(JNS) They were blowing the shofar, but it wasn’t Rosh Hashanah.
On Jan. 5, 2021, the sound of the ram’s horn echoed in the streets of Washington, DC, as participants in the Jericho March circled the capitol in a re-enactment of Joshua’s siege on the ancient city. For Jewish observers, it was a puzzling scene. “Are you going to do the shevarim as well?” one reporter asked a puff-cheeked protester, referring to the rhythmic blowing pattern used in Jewish tradition. He got a blank stare in return.
But for Robert Weinger, a master shofar-blower who lives in Israel, the connection was obvious. For years now, most of the visitors to his shofar center in the Judean Desert have been Evangelical Christians. Seeking to follow in the footsteps of the ancient Israelites, they brought back shofars to use at church meetings and special occasions.
Weinger, who is Jewish, has come to see himself as a kind of ambassador for the instrument. “We’re the people of the book, but we don’t read our own book,” he told JNS. “Historically, the shofar was used as a call to battle—an alarm, a shout of victory. There’s a mystery behind the shofar. It brings heaven down to earth.”
The appropriation of the shofar by Christian groups—and certainly, its use in political contexts—is controversial, to say the least. Yet at a time when many Jews associate the shofar with a few uncomfortable hours spent in synagogue once a year, it’s also a wake-up call to re-examine the extraordinary, paradoxical role the shofar has played in Jewish history … a story that continues to reverberate in Jewish practice today.
The first shofar blast in the Bible is a supernatural one: at the foot of Mount Sinai, the Jews are gathered and hear the sound of the shofar, presumably from the lips of God Himself. But for nomadic groups like the ancient Israelites, it was a familiar sound.
Shepherds had long used animal horn instruments to call their flocks and communicate with one another, says Jonathan Friedmann, professor of Jewish music history at the Academy for Jewish Religion California and editor of Qol Tamid: The Shofar in Ritual, History and Culture. “Because the horn was relatively easy to fashion and didn’t require great musical skill, it was, in many ways, a ‘people’s instrument.’ There is an etymological link between the Hebrew term for “shepherd,” ro’eh, and the term we identify with shofar blasts, t’ruah.”
The sound of a ‘broken blast’
The Bible elevates the shofar into the realm of the sacred: Leviticus proclaims the first day of the seventh month—Rosh Hashanah—yom t’ruah, a “day of blasts.” On Yom Kippur, every 49 years, the Jubilee is ushered in with the sound of a “broken blast.” (In the Jewish Diaspora, this practice is commemorated by blowing the shofar at the end of every Yom Kippur service.) In the Temple, priests blew shofars to mark the new moon and as part of the regular musical service of the Levites.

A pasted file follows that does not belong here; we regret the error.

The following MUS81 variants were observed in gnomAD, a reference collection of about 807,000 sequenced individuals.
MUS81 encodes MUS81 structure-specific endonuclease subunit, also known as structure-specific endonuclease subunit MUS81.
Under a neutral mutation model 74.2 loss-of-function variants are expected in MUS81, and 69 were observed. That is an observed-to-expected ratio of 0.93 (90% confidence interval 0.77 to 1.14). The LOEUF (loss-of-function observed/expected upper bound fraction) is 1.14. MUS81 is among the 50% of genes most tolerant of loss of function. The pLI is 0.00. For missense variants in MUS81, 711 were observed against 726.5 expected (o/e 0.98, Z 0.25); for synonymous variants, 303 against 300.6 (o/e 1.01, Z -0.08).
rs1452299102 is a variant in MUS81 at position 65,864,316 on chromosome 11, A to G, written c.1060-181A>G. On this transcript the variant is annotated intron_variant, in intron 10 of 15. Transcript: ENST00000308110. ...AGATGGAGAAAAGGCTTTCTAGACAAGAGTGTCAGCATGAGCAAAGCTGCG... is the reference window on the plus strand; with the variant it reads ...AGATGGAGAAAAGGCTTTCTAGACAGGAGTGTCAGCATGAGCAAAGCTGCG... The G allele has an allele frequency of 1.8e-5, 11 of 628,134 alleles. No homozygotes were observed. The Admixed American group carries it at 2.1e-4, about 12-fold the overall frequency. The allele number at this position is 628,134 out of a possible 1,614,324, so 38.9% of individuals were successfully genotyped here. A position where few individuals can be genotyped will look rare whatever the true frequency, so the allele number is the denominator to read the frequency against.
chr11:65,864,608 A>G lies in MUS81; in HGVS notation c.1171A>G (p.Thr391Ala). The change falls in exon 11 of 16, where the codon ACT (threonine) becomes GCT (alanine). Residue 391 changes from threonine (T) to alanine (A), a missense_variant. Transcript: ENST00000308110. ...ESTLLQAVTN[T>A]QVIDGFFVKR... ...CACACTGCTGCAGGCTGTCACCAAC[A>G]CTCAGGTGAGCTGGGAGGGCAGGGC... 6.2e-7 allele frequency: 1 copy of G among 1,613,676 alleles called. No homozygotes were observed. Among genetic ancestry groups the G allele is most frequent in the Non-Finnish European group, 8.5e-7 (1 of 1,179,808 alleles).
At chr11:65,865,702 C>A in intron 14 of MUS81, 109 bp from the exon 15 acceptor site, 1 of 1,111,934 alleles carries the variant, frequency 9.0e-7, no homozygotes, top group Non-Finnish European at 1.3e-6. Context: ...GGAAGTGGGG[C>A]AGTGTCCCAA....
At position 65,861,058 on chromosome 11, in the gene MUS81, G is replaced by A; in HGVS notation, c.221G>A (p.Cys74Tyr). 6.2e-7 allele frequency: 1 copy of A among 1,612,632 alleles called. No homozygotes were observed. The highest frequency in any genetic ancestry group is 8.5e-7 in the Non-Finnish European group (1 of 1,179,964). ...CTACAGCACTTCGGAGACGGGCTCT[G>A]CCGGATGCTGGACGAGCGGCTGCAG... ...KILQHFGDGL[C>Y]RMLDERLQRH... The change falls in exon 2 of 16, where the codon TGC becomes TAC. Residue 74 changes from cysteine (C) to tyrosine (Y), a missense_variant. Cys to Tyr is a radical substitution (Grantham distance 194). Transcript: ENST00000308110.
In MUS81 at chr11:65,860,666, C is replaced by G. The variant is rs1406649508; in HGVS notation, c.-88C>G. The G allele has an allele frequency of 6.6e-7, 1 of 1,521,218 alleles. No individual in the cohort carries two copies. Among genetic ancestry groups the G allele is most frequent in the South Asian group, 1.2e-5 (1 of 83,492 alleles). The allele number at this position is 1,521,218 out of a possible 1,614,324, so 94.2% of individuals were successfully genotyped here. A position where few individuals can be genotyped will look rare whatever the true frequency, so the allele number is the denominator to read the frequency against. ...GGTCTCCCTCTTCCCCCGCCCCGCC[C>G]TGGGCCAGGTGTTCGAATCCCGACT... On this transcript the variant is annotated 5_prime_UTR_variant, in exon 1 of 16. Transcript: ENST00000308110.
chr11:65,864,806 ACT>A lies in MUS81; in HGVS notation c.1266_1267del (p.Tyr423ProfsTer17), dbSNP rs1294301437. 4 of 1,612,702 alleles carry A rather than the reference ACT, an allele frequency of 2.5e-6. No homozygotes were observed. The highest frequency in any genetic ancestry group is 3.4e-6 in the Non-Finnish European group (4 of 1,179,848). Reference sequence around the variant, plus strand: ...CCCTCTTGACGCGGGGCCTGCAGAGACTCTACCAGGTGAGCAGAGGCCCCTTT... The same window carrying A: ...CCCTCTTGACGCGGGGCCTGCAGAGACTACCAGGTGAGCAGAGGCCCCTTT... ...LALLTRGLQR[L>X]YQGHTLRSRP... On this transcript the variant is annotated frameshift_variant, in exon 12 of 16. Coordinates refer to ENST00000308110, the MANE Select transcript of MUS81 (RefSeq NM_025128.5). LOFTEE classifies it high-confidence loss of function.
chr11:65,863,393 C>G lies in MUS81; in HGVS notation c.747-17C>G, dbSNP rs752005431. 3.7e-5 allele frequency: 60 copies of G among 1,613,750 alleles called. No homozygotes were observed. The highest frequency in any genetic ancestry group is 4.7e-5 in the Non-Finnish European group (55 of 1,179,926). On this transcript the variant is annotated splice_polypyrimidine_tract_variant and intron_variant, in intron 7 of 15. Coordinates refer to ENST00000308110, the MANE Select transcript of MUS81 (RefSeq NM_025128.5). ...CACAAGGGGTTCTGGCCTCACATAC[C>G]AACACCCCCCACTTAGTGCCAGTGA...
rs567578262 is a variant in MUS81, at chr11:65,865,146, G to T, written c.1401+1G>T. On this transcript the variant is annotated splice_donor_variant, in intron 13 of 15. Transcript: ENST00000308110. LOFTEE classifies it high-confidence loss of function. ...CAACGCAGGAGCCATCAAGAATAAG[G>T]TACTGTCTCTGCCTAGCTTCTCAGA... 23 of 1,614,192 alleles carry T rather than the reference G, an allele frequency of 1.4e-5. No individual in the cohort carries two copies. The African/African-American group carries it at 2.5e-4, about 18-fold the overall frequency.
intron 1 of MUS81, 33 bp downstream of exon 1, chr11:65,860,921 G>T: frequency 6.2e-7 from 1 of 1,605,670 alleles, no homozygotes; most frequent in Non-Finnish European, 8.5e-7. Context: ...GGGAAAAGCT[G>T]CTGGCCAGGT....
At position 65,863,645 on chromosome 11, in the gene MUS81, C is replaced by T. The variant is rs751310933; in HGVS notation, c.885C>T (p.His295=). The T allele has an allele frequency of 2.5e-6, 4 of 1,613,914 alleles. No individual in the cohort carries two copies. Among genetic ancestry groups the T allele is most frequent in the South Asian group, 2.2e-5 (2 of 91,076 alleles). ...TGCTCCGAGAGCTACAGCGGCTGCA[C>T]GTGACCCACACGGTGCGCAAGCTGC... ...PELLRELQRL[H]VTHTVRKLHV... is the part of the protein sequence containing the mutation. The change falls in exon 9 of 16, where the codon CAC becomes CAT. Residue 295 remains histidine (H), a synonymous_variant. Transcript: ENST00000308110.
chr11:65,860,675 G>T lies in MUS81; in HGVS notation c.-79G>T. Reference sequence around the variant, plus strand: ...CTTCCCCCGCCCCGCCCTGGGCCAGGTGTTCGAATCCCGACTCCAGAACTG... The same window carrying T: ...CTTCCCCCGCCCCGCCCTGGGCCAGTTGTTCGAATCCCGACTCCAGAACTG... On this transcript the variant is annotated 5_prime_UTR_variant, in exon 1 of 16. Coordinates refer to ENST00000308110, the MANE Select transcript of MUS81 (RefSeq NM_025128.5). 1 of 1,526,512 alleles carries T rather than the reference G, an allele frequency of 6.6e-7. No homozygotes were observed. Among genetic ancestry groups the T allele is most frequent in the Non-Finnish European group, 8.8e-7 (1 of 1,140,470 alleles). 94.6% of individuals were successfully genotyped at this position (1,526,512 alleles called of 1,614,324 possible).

Yet the shofar never lost its status as a “people’s instrument.”
Even in Temple times, it was used to warn of approaching danger, mark the onset of Shabbat (before the advent of clocks) and crown a new king—a practice preserved in modern-day Israel when a new president is sworn in. And it was used in war. In the book of Judges, Gideon and his army of 300 intimidate the much more numerous Midianites with some primitive pyrotechnics accompanied by shofar blasts. Perhaps most famously, at the command of God and under the direction of Joshua, the walls of Jericho collapse at the sound of seven shofars.
After the destruction of the Temple, the shofar’s role gradually diminished. Prayer and ritual replaced the sacrificial service, and new technologies made non-ritual shofar blasts obsolete. But the sages managed to carve out a place for the instrument in post-Temple Judaism. “In order to preserve a biblical anchor for the New Year, the sages decided the shofar was not really a musical instrument, which couldn’t be played on holy days, and instead mandated its use,” says Friedmann.
Soon, the horn was making a once-a-year cameo on Rosh Hashanah.
The shofar’s diverse purposes were not lost, however. Instead, they infused the Jewish New Year with spiritual significance: The use of a sheep’s horn, the rabbis explained, was a reference to the binding of Isaac, when Abraham sacrificed a ram in place of his son, eliciting God’s eternal mercy for the Jewish people. (While other animal horns may be used, cows’ horns are forbidden, as they evoke the sin of the Golden Calf.)
Rosh Hashanah also became the day when, with shofar blasts, the Jewish people crown God as their king. And the Talmud relates that the shofar is a potent weapon in the battle with “the Accuser”—also known as Satan—the spiritual force that seeks to do Jews harm.
Laden with such history and significance, it’s little wonder that in modern times, the shofar became a symbol of Jewish identity and continuity, blown in Auschwitz, at the end of World War II and at the liberated Western Wall in 1967. Nor is it surprising that this potent symbol is appealing to other groups. But though its uses have been diverse and sometimes contradictory, the shofar is essentially and irrevocably Jewish, and it will remain so until the day when an era of eternal peace and justice will be ushered in, with—as the prophet Isaiah relates—the blast of a ram’s horn.
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